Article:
TV PREVIEW

Code Dread: AMC's 'Rubicon' crosses into delectably dangerous territory

By Hank Stuever
Washington Post Staff Writer
Saturday, July 31, 2010

"Rubicon," AMC's morose new drama about a team of code crackers that works in a blandly clandestine Manhattan wonk outfit ("the American Policy Institute"), has a quiet and almost sublime way of laying out its intricate premise. It takes its chances against all of the other television espionage dramas that are too loud and explosive.

Instead of bombs, "Rubicon" has brooding. Instead of car chases and karate ballets executed in form-fitting leather, it has . . . crossword puzzles.

This is not entirely surprising. In a way, "Rubicon" fits nicely alongside AMC's two other deliberate forays into slow-cooked dramas that have a cinematic excellence to them: "Mad Men" and "Breaking Bad."

Most engagingly, "Rubicon" has James Badge Dale (recently seen in HBO's "The Pacific" as Pfc. Robert Leckie), with the saddest blue eyes in the world, as Will Travers, one of the institute's top analysts. Dale's performance is as puzzling and delightfully deceptive as "Rubicon" itself, one of those rare times when a role and an actor find instant tonal sync.

Will works on a team of four disheveled nerds who spend their days analyzing the un-analyzable. In a conference room each morning they are handed a new stack of mysteries ("the intake" -- intercepted messages, encrypted data, photos of known assassins having coffee) that various federal intelligence branches need solved or illuminated.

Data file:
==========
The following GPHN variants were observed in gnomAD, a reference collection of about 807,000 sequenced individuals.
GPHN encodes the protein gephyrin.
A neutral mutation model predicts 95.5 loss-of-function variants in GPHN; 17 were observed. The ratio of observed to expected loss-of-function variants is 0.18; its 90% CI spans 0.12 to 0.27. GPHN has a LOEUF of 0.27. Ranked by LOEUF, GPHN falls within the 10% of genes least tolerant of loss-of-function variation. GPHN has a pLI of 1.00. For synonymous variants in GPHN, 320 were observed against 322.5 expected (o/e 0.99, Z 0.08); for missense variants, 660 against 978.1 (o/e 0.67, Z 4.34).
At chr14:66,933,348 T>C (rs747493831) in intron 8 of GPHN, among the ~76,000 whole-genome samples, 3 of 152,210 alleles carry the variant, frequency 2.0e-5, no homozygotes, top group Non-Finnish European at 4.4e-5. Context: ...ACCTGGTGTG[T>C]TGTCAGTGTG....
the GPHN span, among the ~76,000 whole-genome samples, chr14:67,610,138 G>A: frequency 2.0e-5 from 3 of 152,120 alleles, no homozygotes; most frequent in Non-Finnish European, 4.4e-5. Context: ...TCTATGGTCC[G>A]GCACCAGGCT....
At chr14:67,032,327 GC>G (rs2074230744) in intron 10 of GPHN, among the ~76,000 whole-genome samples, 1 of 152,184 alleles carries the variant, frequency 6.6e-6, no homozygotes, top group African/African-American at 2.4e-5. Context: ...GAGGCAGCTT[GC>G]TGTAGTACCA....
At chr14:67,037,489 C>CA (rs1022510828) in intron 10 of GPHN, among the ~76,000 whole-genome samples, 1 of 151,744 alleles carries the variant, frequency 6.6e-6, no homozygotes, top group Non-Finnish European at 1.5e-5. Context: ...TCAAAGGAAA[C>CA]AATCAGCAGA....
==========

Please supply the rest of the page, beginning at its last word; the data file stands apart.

It's weird work done by pale, unhappy people -- of whom Will is the glummest.

"He walks around every day looking like his favorite cat just died," remarks the team's newest hire.

"Try wife and child. Try 9/11," replies another colleague.

Oh.

Aside from the untucked shirttails and hipster messenger bags, this is our first indication that "Rubicon" is set in the relative present, with all its attendant fixations on conspiracy, deceit, terror and notions of shadow governments of the Code Orange era.

But this is not a Jack Bauer world. It's been noted that "Rubicon's" vibe seems descended from those cerebral "Parallax"-y and "Condor"-esque thrillers of the 1970s. "Rubicon" also has the beige-and-gray, washed-out feel of those times; it smartly references the ways (economic, political, cultural) the past decade can frequently bear an eerie resemblance to the '70s of parking garages, concrete and dourness.

But enough about mood; what about the story? It's dense -- and intentionally so. If you miss the first couple of episodes, you may as well not bother.


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